Omagh families say they will return to court if fresh investigation is not ordered
The families of Omagh bomb victims will return to court if the UK Government does not commit to a fresh investigation into the Real IRA atrocity, a campaigner has said.
Michael Gallagher, who lost his 21-year-old son Aiden in the 1998 bombing, said the families have had no contact from either the British or Irish governments since a High Court judge last year recommended that a new probe should take place.
Mr Gallagher was speaking after meetings on Monday at Stormont with the leaders of the DUP and TUV, who committed their support to an Article 2 compliant investigation into Omagh.
In a High Court judgment last October Mr Justice Horner directly recommended that the UK Government carry out a human rights-compliant investigation into alleged security failings in the lead-up to the August 1998 attack.
His ruling came following a legal challenge against the British government’s refusal to hold a public inquiry into the Real IRA atrocity, which killed 29 people, including a woman pregnant with twins.
While having no jurisdiction to order the Dublin government to act on the matter, the judge also urged authorities there to establish their own probe in light of his findings.
Speaking following a meeting with Omagh families, DUP leader Sir Jeffrey Donaldson said: “The judge recommended an Article 2 compliant investigation into the Omagh case.
“I have consulted within our party and we have come to the view that we support the families’ call and the recommendation.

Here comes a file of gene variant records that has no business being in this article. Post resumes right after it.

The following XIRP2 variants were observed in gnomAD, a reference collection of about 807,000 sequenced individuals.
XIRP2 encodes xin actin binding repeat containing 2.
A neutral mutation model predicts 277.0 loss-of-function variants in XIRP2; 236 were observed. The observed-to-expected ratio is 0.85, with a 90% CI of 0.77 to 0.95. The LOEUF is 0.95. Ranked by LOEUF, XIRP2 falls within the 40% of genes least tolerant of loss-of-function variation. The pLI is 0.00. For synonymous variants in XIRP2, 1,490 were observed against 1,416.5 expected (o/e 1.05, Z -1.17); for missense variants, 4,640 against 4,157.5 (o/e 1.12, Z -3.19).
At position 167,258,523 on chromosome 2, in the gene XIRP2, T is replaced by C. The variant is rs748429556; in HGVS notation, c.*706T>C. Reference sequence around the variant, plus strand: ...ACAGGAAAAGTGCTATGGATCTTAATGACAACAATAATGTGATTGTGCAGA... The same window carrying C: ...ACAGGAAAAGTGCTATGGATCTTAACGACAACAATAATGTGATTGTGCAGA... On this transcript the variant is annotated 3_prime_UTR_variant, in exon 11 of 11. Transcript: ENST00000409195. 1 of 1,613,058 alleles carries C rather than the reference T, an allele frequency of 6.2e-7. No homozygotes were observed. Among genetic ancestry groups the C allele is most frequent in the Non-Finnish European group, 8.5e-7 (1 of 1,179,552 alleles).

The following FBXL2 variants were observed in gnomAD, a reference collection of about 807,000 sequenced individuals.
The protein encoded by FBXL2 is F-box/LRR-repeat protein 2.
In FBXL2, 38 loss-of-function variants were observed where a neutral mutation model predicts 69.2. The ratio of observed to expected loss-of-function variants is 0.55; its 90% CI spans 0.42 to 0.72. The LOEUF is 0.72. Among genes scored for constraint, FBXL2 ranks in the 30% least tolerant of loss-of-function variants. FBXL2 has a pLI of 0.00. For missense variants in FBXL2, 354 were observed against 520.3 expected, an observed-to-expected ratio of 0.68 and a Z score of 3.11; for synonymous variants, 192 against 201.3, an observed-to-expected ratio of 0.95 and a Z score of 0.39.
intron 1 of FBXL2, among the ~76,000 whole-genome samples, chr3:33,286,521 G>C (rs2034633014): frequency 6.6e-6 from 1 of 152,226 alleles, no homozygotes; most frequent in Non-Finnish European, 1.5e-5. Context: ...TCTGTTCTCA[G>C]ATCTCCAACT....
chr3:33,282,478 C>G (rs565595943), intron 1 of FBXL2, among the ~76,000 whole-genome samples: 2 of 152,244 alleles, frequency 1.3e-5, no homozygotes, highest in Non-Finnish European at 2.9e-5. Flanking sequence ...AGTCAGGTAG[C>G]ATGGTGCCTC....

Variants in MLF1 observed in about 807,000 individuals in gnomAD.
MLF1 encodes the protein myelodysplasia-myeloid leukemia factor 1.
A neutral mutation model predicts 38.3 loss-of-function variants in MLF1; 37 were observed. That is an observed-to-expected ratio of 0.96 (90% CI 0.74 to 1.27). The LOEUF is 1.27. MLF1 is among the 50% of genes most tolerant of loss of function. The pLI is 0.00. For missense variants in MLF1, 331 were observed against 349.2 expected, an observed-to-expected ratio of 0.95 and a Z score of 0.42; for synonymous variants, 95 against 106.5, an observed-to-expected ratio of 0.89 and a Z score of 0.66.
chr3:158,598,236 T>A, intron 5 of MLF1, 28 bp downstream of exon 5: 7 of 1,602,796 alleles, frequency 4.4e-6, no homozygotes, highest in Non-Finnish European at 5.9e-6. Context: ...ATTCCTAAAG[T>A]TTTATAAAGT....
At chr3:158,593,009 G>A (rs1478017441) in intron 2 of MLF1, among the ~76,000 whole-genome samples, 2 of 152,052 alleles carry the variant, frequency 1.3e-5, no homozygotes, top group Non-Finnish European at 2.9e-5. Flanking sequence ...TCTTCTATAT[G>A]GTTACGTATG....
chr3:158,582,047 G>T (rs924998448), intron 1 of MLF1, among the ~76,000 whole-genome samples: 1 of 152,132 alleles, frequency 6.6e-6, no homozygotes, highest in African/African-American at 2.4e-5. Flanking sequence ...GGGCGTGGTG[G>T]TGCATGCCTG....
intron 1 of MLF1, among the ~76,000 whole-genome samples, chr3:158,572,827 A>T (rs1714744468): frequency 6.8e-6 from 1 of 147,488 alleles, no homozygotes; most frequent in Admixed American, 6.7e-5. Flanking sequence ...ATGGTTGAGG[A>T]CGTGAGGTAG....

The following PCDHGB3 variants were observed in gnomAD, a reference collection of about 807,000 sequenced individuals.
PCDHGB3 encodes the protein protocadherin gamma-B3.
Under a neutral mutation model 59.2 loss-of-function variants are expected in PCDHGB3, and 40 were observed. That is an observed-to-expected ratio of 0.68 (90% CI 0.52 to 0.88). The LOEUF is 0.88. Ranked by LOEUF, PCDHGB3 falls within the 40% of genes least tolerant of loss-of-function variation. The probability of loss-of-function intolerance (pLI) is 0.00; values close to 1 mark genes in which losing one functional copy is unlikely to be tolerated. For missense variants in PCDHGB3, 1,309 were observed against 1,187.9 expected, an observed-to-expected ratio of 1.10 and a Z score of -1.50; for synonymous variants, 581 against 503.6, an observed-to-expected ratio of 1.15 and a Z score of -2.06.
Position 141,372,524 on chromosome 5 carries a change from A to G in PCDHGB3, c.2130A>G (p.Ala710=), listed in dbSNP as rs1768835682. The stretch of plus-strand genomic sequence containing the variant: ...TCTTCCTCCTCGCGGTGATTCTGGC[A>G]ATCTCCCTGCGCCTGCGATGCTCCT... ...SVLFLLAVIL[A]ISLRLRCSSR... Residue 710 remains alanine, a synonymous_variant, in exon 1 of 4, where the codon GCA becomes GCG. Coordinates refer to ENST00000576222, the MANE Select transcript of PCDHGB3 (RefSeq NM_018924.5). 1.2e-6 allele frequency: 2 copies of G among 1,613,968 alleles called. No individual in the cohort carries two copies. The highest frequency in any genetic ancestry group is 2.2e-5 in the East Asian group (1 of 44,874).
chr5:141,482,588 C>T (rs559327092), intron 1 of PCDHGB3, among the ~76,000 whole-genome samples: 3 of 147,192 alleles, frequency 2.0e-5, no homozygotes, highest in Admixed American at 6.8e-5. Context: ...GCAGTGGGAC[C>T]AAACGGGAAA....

“There should also be an investigation within the Irish Republic, where there are many questions to be answered.”
Mr Gallagher said: “All of the parties in Northern Ireland are now on board with the call for an Article 2 compliant investigation into Omagh.
“We have already written to the Secretary of State (Brandon Lewis) informing him that if he is not willing to meet us and discuss the way forward, that we will end up back in court seeking another judicial review.
“Since the judgment was made on October 8 and shortly after that we wrote to the Secretary of State and to the Taoiseach (Micheal Martin) requesting a meeting to try and navigate a way forward.
“We have had absolutely no response from either government.
“It seems that they need to be dragged kicking and screaming to the courthouse doors.”
A UK Government spokesperson said: “The Omagh bomb was a terrible atrocity and caused untold damage to the families of the 29 people who were tragically killed and the 220 who were injured. The reverberations were felt not just in Northern Ireland, but across the world.
“We are taking time to consider the judgment and all its recommendations carefully before making a decision on next steps.”